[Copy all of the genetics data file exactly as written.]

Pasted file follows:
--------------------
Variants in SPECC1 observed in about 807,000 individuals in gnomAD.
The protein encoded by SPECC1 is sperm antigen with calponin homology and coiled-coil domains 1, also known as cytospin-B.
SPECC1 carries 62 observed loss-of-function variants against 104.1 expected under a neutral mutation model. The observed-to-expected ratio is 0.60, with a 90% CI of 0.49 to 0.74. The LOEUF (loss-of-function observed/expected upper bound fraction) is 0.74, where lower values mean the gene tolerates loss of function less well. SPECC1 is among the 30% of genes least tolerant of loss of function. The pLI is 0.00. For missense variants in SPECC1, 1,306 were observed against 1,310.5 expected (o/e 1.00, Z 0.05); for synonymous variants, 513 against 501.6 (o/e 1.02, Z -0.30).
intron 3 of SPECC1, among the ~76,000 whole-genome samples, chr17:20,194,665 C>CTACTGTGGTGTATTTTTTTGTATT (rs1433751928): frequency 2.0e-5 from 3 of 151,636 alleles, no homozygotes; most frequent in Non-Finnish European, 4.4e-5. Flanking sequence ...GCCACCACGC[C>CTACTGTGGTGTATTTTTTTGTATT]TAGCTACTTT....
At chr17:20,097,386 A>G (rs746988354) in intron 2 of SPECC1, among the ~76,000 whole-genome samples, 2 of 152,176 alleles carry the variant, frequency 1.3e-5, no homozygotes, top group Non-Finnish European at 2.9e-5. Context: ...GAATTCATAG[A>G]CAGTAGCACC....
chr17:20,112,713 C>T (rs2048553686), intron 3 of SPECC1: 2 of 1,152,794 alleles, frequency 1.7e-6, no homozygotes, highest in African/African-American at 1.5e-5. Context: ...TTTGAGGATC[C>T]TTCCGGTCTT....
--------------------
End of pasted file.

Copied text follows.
Variants in SPECC1 observed in about 807,000 individuals in gnomAD.
The protein encoded by SPECC1 is sperm antigen with calponin homology and coiled-coil domains 1, also known as cytospin-B.
SPECC1 carries 62 observed loss-of-function variants against 104.1 expected under a neutral mutation model. The observed-to-expected ratio is 0.60, with a 90% CI of 0.49 to 0.74. The LOEUF (loss-of-function observed/expected upper bound fraction) is 0.74, where lower values mean the gene tolerates loss of function less well. SPECC1 is among the 30% of genes least tolerant of loss of function. The pLI is 0.00. For missense variants in SPECC1, 1,306 were observed against 1,310.5 expected (o/e 1.00, Z 0.05); for synonymous variants, 513 against 501.6 (o/e 1.02, Z -0.30).
intron 3 of SPECC1, among the ~76,000 whole-genome samples, chr17:20,194,665 C>CTACTGTGGTGTATTTTTTTGTATT (rs1433751928): frequency 2.0e-5 from 3 of 151,636 alleles, no homozygotes; most frequent in Non-Finnish European, 4.4e-5. Flanking sequence ...GCCACCACGC[C>CTACTGTGGTGTATTTTTTTGTATT]TAGCTACTTT....
At chr17:20,097,386 A>G (rs746988354) in intron 2 of SPECC1, among the ~76,000 whole-genome samples, 2 of 152,176 alleles carry the variant, frequency 1.3e-5, no homozygotes, top group Non-Finnish European at 2.9e-5. Context: ...GAATTCATAG[A>G]CAGTAGCACC....
chr17:20,112,713 C>T (rs2048553686), intron 3 of SPECC1: 2 of 1,152,794 alleles, frequency 1.7e-6, no homozygotes, highest in African/African-American at 1.5e-5. Context: ...TTTGAGGATC[C>T]TTCCGGTCTT....